Harvard Law professor Laurence Tribe has a history of passionate opposition to President Trump and calling for his impeachment, and he continued the trend Sunday by blaming Trump for a pair of shootings that took place over the weekend in El Paso, Texas, and Dayton, Ohio.
Tribe first promoted discussion of impeaching Trump for inciting violent acts, then took it a step further and outright accused the president of the United States of terrorism.
"How many more people have to DIE violent deaths at racist hands before impeaching the president for inciting white nationalist terrorism and violence is taken as seriously as impeaching him for obstructing justice? The real national emergency is Donald J. Trump’s terrorism," Tribe tweeted Sunday morning.
Democrats such as presidential candidates Pete Buttigieg and Beto O'Rourke accused Trump of encouraging racism, but Tribe went so far as to imply that the president may have committed high crimes or misdemeanors and should be removed from office for taking an active role in supporting racist violence.
When asked for an explanation by Fox News, Tribe did not go into any legal analysis, but said, "There is an alarming pattern of incitements that together warrant being taken seriously in conjunction with other, more specific, offenses."
The professor included a link to a video of a Trump rally, which was meant to be an example. In it, the president was discussing migrant caravans. Trump asked what to do, and someone in the crowd yelled, "Shoot them!" Trump shook his head, then joked, "Only in the panhandle you can get away with that statement." Immediately prior to the person's outburst, Trump noted that "we can't let [border patrol agents] use weapons. Other countries do, I would never do that."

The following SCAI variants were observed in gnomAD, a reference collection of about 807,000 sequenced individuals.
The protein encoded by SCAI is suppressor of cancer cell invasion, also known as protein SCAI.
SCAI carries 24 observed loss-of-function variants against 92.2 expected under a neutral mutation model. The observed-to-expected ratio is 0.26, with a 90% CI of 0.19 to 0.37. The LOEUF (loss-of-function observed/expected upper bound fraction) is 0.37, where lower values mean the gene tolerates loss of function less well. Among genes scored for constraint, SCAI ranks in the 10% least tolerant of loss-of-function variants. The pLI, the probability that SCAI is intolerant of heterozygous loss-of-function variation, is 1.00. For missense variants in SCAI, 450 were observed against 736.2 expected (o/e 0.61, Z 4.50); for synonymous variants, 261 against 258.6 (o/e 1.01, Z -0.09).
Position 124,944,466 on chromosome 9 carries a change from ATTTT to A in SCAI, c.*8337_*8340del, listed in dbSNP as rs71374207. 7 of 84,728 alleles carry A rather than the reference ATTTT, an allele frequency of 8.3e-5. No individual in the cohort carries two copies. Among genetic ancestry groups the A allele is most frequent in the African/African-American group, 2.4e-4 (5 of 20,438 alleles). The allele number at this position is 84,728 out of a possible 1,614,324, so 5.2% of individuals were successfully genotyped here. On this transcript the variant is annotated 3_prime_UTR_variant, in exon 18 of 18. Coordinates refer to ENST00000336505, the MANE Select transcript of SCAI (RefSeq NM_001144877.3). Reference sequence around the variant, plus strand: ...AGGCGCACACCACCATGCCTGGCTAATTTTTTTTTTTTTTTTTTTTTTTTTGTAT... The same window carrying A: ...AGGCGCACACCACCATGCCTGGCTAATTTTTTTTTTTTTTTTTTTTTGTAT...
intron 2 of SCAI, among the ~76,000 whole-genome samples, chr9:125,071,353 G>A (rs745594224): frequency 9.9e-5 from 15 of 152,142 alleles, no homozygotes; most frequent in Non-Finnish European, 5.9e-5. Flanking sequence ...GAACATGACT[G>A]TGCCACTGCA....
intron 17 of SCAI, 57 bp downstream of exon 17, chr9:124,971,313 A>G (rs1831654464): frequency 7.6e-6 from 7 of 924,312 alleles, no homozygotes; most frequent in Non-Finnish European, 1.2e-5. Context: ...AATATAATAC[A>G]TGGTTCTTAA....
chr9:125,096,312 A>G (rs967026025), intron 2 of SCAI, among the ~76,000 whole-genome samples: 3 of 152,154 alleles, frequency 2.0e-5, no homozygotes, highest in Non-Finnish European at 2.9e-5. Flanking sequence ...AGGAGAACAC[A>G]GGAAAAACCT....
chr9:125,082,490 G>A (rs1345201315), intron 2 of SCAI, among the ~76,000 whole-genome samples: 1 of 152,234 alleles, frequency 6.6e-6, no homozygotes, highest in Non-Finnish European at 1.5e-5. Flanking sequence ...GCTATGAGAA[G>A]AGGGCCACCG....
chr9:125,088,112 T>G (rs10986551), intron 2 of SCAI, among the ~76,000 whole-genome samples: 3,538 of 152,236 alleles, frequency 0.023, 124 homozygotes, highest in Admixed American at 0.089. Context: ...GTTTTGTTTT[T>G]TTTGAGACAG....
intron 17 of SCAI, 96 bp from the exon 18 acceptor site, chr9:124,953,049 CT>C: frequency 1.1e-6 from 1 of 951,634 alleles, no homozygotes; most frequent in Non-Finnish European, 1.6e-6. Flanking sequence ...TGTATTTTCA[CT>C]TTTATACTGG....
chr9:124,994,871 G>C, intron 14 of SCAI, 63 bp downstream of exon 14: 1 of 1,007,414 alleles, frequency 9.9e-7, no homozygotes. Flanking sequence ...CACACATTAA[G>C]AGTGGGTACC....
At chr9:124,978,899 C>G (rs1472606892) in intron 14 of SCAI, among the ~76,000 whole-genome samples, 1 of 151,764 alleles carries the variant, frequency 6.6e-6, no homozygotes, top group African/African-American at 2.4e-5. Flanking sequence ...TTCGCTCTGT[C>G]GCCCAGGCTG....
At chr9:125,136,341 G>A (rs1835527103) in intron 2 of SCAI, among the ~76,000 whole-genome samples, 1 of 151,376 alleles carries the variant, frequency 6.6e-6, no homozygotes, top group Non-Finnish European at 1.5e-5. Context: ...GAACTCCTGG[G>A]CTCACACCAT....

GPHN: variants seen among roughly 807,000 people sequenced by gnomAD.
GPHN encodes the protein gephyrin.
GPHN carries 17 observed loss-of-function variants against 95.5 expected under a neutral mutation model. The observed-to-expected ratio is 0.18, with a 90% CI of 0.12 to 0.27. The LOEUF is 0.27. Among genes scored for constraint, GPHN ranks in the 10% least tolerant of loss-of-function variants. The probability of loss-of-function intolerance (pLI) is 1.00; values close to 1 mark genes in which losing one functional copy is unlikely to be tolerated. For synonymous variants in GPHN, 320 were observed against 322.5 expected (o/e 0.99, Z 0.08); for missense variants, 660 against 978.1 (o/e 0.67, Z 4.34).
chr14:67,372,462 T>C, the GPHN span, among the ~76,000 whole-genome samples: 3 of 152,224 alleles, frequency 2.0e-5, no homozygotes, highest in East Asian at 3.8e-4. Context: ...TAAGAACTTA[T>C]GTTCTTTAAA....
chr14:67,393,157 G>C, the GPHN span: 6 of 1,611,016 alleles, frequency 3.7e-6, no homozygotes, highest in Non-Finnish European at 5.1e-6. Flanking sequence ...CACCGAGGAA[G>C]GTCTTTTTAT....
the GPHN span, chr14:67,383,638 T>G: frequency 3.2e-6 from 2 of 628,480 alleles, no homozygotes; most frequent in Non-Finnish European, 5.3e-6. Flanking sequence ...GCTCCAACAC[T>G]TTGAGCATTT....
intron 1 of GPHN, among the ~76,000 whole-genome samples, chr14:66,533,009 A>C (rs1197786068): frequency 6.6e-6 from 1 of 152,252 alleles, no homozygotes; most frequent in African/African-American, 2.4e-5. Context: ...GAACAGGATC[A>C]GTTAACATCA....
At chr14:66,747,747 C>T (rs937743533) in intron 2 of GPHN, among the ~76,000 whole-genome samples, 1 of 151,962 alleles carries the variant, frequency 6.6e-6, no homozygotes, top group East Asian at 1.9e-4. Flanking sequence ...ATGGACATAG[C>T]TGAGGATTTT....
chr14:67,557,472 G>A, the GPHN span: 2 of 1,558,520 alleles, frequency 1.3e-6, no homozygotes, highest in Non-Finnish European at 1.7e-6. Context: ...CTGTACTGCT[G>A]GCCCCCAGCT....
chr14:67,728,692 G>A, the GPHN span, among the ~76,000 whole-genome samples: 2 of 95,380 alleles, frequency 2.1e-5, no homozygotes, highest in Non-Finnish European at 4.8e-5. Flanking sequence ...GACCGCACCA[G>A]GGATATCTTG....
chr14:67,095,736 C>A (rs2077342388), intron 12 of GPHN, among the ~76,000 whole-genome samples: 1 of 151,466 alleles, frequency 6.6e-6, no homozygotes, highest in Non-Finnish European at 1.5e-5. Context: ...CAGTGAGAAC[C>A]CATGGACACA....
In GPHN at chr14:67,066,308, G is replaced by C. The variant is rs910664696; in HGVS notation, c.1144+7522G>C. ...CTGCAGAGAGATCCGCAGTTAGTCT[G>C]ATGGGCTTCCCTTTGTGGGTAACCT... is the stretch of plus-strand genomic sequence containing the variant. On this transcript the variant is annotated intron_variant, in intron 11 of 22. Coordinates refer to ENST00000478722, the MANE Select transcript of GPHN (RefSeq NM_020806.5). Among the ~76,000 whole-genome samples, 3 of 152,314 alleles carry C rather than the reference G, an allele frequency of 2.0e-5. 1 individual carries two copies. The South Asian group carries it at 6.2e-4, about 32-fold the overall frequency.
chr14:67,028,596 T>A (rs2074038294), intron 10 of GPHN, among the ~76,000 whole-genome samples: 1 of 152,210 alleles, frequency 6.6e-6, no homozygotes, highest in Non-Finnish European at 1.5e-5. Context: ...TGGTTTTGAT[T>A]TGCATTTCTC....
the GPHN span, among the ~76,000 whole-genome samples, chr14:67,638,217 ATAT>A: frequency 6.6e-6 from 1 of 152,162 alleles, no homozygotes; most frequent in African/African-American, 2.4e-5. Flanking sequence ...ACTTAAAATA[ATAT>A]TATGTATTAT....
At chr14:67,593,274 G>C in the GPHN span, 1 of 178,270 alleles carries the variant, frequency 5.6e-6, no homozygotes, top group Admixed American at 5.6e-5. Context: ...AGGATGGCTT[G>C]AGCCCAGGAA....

The video had been posted as a reply to Tribe's tweet, but has since been removed.
Tribe subsequently clarified by saying that he is not saying that Trump "should be impeached" for "racist incitements alone," rather that "impeaching the president for inciting white nationalist terrorism and violence [should be] taken as seriously as impeaching him for obstructing justice."
"It’s the pattern of abuses of his office as president that is accumulating, in my view, to a strong basis for formal impeachment proceedings beyond what various House committees are already conducting by way of investigating possible Articles of Impeachment," he said.
In May, the constitutional law professor drew attention for comparing Trump to Adolf Hitler, saying, "the physical and behavioral resemblances aren’t altogether irrelevant." In 2018, he focused a Constitutional Law course he was teaching on Trump and his hypothetical impeachment.